Killing of children continues with impunity
in Honduras continue to get away with murder, with nearly 700 murdered
or extra-judicially executed in the last 18 months. The killings continue
with impunity, exactly two years since the creation of the Special Unit
for the Investigation of Violent Deaths of Children. In response, Amnesty
International relaunched its worldwide campaign calling on the Honduran
government to stop impunity.
Sauceda Flores' son, 16 year-old Darwin, was arrested and beaten by
a police officer in February 2002, held for two days and released. One
day later his body was found with signs that he had been summarily executed.
She has been intimidated and threatened after filing complaints against
the two officers she believes murdered her son. No one has been brought
to justice for his killing.
the creation of the Special Unit for the Investigation of Violent Deaths
of Children, it has only looked at 400 of over 2,300 cases of assassinations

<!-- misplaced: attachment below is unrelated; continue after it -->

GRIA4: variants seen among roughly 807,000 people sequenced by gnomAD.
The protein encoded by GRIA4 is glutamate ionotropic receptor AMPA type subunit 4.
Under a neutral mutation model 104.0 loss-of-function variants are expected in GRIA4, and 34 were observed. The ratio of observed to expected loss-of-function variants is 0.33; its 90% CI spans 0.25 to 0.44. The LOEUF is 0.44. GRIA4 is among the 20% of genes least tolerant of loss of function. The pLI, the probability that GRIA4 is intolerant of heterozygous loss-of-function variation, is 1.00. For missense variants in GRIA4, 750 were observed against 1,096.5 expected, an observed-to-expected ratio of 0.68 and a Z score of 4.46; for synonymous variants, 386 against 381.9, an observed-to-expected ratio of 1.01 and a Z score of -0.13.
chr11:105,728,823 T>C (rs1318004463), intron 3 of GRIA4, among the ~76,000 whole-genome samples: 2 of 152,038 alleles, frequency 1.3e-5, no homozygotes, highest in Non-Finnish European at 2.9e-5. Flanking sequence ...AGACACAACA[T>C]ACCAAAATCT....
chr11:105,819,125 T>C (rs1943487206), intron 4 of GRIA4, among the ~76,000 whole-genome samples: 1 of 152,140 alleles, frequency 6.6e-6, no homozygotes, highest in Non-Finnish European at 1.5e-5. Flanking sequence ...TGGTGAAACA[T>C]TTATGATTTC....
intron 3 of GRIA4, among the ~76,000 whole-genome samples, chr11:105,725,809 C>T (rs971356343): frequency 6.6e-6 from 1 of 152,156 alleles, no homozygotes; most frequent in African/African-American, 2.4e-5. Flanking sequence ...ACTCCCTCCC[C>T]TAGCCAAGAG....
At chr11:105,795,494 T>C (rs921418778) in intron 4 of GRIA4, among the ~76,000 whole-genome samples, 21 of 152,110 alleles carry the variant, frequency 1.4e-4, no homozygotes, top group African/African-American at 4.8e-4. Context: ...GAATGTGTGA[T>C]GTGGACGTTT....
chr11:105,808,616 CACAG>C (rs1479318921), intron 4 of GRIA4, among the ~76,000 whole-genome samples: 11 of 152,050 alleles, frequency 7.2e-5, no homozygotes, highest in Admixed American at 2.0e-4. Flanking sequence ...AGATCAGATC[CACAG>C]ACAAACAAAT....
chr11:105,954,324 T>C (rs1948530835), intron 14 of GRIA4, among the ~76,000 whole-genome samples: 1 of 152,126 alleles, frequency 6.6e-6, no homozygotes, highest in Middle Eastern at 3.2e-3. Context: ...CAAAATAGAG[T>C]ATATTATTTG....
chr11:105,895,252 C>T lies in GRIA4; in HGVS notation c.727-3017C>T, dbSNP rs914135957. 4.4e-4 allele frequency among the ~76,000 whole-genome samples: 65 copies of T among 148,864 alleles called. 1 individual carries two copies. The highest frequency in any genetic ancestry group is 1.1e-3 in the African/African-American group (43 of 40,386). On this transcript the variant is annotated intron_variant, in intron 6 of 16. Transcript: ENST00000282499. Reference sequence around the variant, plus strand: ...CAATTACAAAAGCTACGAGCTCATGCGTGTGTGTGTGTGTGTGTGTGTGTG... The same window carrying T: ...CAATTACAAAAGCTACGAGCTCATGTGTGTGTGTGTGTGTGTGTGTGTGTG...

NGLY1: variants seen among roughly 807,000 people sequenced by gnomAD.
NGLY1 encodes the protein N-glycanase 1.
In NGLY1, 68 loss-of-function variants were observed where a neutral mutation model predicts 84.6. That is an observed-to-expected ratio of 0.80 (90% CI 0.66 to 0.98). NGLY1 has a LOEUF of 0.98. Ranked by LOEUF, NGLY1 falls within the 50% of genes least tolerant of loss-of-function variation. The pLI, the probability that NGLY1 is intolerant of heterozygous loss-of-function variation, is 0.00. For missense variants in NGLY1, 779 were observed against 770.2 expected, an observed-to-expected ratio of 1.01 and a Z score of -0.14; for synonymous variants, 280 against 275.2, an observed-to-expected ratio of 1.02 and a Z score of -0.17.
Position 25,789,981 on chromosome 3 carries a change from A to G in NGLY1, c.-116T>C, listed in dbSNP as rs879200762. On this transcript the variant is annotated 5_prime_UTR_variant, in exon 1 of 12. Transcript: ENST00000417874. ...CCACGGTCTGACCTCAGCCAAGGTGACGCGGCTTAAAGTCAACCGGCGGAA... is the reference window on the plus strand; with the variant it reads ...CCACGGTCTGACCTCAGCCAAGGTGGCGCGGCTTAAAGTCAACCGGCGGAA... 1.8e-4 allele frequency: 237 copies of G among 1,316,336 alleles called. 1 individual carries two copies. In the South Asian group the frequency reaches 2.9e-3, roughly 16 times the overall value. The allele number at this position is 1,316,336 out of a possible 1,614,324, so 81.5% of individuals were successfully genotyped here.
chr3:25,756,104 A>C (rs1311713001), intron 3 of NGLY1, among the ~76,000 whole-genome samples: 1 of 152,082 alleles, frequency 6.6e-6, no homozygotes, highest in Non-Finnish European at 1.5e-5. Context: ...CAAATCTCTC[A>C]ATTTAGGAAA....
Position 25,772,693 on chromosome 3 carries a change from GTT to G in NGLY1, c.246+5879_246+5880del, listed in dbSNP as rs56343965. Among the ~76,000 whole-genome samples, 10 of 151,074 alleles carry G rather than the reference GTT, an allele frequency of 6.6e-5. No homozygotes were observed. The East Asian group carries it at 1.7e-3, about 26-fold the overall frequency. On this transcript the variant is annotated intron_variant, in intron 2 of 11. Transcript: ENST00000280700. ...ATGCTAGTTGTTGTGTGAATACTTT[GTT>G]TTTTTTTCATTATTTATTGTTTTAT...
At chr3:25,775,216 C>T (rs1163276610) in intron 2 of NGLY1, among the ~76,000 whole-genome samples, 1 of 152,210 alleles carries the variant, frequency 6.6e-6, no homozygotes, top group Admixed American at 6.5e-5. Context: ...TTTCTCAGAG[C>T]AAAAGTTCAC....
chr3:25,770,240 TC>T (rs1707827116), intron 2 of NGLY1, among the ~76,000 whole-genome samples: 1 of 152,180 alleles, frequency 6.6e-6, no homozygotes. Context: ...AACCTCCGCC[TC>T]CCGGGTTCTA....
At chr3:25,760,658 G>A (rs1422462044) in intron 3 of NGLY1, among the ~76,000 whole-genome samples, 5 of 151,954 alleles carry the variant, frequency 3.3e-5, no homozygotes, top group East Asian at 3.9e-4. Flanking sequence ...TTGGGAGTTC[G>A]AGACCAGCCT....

of children and young people since January 1998. Only 88 cases were
forwarded to the Attorney General's Office, and only three have resulted
in a conviction. Although the government has admitted that police officers
have been involved in many of the killings, just two policemen have
so far been convicted.
made by the government have also failed to be honoured. Despite the
announcement last year of the establishment of a National Witness Protection
Plan for judicial proceedings, to date no adequate mechanism has been
established. Protection of witnesses is of paramount importance as they
can be intimidated to prevent them from providing testimony against
International UK Director Kate Allen said: "Thousands of children
in Honduras face a similar fate to Darwin. The Honduran authorities
must prevent and punish killings of children and young people in the
country, and protect witnesses. "It is critical that both the Special
Unit and the Attorney General's Office are given sufficient resources
and independence to do this. The government should appoint ad-hoc judges
to work specifically on these cases. The future of the country depends